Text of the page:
• Report questions role of Mexico crater in mass extinction

    03/01/2004 3:54:21 PM PST · by yonif · 14 replies · 453+ views
    WQAD ^ | March 1, 2004 | AP
    Washington-AP -- New research casts doubt on the theory that a single asteroid wiped out the dinosaurs. Scientists have often pointed to a crater in Mexico as the asteroid's impact point. But Princeton University researchers say the impact that caused the crater occurred 300-thousand years before the dinosaurs were wiped out 65 (m) million years ago. A report appears in this week's online edition of Proceedings of the National Academy of Sciences. At least one scientist doubts the group's findings. Richard Norris of the Scripps Institution of Oceanography says the Princeton researchers were working with incorrect site data.
  • Earth's Volcanism Linked To Meteorite Impacts

    12/13/2002 8:36:39 AM PST · by blam · 34 replies · 1,459+ views
    New Scientist ^ | 12-13-2002 | Kate Ravilious
    Earth's volcanism linked to meteorite impacts 14:31 13 December 02 Exclusive from New Scientist Print EditionSpace rocks are blamed for violent eruptions (Image: GETTY) Large meteorite impacts may not just throw up huge dust clouds but also punch right through the Earth's crust, triggering gigantic volcanic eruptions. The idea is controversial, but evidence is mounting that the Earth's geology has largely been driven by such events. This would also explain why our planet has so few impact crater remnants. Counting the number of asteroids we see in the sky suggests that over the past 250 million years, Earth should have...
  • Maybe an Asteroid Didn't Kill the Dinosaurs

    05/09/2009 2:45:01 PM PDT · by antiunion person · 30 replies · 1,828+ views
    Time CNN ^ | Monday, Apr. 27, 2009 | Jeffrey Kluger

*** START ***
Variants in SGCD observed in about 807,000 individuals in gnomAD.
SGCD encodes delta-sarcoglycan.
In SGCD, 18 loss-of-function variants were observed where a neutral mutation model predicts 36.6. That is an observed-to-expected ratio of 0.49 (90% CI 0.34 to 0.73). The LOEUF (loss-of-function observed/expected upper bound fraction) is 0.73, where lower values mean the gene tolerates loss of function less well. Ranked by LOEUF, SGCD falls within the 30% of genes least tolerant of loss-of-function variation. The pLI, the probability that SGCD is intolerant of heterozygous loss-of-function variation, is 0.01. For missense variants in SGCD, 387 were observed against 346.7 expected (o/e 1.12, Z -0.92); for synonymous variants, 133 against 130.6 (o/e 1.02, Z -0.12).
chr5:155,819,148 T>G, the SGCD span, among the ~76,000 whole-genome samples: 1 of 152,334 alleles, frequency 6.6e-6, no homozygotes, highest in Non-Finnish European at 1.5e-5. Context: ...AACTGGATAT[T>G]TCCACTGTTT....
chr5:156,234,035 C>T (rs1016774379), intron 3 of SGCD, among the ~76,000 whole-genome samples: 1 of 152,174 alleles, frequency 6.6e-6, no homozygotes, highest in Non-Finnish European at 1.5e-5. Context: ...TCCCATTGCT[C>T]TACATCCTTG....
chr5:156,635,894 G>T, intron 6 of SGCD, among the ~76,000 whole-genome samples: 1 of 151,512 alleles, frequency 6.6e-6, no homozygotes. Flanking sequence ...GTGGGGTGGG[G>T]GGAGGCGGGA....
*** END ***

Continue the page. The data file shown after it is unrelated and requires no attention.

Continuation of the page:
When a scientific principle is common knowledge even in grammar school, you know it has long since crossed the line from theory to established fact. That's the case with dinosaur extinction. Some 65 million years ago — as we've all come to know — an asteroid struck the earth, sending up a cloud that blocked the sun and cooled the planet. That, in turn, wiped out the dinosaurs and made way for the rise of mammals. The suddenness with which so many species vanished after that time always suggested a single cataclysmic event, and the 1978 discovery of a 112-mile,...
  • Far More Than A Meteor Killed Dinos, Evidence Suggests

    10/25/2006 3:33:16 PM PDT · by blam · 95 replies · 2,818+ views
    Science Daily ^ | 10-24-2006 | GSA
    Source: Geological Society of America Date: October 24, 2006 Far More Than A Meteor Killed Dinos, Evidence Suggests There's growing evidence that the dinosaurs and most their contemporaries were not wiped out by the famed Chicxulub meteor impact, according to a paleontologist who says multiple meteor impacts, massive volcanism in India, and climate changes culminated in the end of the Cretaceous Period. Cottonmouth Creek waterfall over the event deposit with reworked Chicxulub impact spherules. The original Chicxulub ejecta layer was discovered in a yellow clay layer 45 cm below the base of the event deposit. The yellow clay represents a...
  • Comet May Have Doomed Mammoths

    05/26/2007 6:12:53 AM PDT · by Renfield · 32 replies · 1,982+ views
    Red Orbit ^ | 5-26-07 | Betsy Mason
    mammoth some 12,900 years ago. A team of two dozen scientists say the culprit was likely a comet that exploded in the atmosphere above North America. The explosions sent a heat and shock wave across the continent, pelted the ground with a layer of telltale debris, ignited massive wildfires and triggered a major cooling of the climate, said nuclear analytic chemist Richard Firestone of Lawrence Berkeley Laboratory, one of the scientists who presented the controversial new theory Thursday at a conference of the American Geophysical Union in Acapulco. At least 15 species, mostly large mammals including mammoths, mastadons, giant ground...
  • New blow for dinosaur-killing asteroid theory